“However, raising funds through council tax contributions is the only option the Government have given me to protect and bolster policing and if I did not consider this, it would mean a cut to our budget. There are over a million calls for service every year to Lancashire Police and investment is needed to keep up with ever increasing demands on policing and to deliver a service the public expect. Police officers and staff are working round the clock to keep people safe but, they are over stretched.”

“The public are being asked if they would be prepared to pay an extra 46 pence per week for a Band D property to invest in policing services in their area. Three quarters of Lancashire residents are in lower bands and so would pay less, and this would raise over £10m for policing in Lancashire”. 

Increased revenue raised through council tax would help to deal with the changing nature of crime and provide more local, visible and accessible policing that is more responsive to local issues. Mr Grunshaw explained, “Across the county residents tell me that they want to see better investment in policing. More detectives are also being recruited by the force ollowing public feedback asking to prioritise investigations around major crimes, child exploitation and domestic abuse but they want more police officers, and they want to see them out on the streets, tackling crime and keeping us safe.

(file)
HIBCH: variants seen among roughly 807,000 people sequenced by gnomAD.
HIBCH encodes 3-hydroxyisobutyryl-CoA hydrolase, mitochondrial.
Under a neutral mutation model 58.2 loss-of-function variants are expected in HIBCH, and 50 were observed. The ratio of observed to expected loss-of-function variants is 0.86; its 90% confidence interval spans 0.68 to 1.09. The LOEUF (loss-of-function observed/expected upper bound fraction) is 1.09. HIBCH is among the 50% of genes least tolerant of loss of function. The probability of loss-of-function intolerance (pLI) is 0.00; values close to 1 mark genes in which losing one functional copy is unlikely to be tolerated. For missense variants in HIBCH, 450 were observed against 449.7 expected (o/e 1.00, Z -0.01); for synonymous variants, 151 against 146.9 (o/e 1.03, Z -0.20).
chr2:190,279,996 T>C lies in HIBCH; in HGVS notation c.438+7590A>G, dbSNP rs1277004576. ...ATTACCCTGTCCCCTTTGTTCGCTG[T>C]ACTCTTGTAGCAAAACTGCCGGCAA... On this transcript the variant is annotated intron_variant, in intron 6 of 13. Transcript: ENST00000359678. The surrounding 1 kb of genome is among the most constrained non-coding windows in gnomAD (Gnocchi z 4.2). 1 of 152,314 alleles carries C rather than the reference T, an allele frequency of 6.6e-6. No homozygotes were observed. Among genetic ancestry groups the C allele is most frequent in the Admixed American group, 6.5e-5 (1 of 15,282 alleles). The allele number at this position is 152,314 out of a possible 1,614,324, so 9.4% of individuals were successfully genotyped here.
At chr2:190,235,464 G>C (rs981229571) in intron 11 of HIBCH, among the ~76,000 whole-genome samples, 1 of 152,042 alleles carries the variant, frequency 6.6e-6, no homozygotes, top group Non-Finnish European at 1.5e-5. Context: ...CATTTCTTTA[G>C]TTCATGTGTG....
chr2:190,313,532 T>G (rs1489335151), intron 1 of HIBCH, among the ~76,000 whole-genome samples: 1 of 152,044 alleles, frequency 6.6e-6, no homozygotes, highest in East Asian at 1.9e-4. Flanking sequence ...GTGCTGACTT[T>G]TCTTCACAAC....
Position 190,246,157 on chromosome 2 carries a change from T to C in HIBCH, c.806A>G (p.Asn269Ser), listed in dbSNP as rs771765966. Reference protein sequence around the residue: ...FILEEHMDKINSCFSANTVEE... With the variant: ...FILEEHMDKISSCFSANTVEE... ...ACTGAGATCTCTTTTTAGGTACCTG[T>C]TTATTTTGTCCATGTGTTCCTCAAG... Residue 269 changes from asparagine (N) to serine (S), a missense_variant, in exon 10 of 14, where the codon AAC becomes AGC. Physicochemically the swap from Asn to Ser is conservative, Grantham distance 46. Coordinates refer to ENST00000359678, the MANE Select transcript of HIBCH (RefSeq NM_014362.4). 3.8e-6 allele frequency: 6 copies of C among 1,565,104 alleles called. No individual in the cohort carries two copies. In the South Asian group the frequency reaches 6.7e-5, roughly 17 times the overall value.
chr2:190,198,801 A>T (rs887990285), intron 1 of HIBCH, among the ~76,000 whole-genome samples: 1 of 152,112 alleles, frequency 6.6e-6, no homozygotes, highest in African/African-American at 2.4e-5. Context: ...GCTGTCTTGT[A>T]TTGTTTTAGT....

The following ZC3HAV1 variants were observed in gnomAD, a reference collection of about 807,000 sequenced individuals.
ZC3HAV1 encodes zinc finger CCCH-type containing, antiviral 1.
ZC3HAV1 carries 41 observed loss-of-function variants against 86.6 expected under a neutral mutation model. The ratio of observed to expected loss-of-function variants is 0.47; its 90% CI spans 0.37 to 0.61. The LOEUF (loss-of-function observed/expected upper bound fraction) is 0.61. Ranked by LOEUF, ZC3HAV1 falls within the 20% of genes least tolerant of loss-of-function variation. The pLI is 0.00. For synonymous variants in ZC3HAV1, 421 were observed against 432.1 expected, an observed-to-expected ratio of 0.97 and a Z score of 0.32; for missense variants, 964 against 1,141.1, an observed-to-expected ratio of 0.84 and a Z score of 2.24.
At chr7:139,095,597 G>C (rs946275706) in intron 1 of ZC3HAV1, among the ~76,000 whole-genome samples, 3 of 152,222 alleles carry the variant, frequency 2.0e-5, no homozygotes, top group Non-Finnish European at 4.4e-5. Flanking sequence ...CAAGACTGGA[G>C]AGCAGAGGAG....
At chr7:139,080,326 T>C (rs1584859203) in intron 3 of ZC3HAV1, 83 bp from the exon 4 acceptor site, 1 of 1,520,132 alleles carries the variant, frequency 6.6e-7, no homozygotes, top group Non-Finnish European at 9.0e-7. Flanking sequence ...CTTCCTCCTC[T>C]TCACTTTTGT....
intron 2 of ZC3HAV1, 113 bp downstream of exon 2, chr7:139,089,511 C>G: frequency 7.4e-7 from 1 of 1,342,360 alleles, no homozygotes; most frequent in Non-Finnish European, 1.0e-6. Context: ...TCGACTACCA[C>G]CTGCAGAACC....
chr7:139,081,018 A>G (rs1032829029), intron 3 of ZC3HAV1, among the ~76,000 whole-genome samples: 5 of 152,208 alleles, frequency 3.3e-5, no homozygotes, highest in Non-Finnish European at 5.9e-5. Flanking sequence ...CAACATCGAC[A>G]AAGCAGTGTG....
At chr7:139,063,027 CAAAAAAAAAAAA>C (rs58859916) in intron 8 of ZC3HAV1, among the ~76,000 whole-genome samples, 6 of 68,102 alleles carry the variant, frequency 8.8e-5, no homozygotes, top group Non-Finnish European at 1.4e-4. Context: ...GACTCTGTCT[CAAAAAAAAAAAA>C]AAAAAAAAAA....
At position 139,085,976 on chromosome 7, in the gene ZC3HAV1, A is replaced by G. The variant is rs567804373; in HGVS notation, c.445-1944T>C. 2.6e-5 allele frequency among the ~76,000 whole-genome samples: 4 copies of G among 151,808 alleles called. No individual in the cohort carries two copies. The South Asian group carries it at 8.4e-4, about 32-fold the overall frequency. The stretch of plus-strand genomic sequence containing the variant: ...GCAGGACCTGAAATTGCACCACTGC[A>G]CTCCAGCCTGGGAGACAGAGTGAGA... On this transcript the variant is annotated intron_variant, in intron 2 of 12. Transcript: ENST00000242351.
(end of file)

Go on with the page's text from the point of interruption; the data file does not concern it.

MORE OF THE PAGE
“The reality is the ability to invest in our policing teams and meet the pressures on the service is completely reliant on raising council tax by the highest amount we can. With rising demands, increasing costs through inflation and growing crime we cannot accept a further reduction in our police budget.

“Asking for more money , the public quite rightly expect to get something in return and need to feel the difference which is why if the proposals go ahead, it would be spent on 80 extra police officers. These officers would form task forces in every district in Lancashire to support neighbourhood policing teams to solve problems in communities, focusing on reducing and preventing crime, anti-social behaviour, public order and supporting public events. This would include three officers dedicated to tackling rural crime in each of the county’s policing divisions.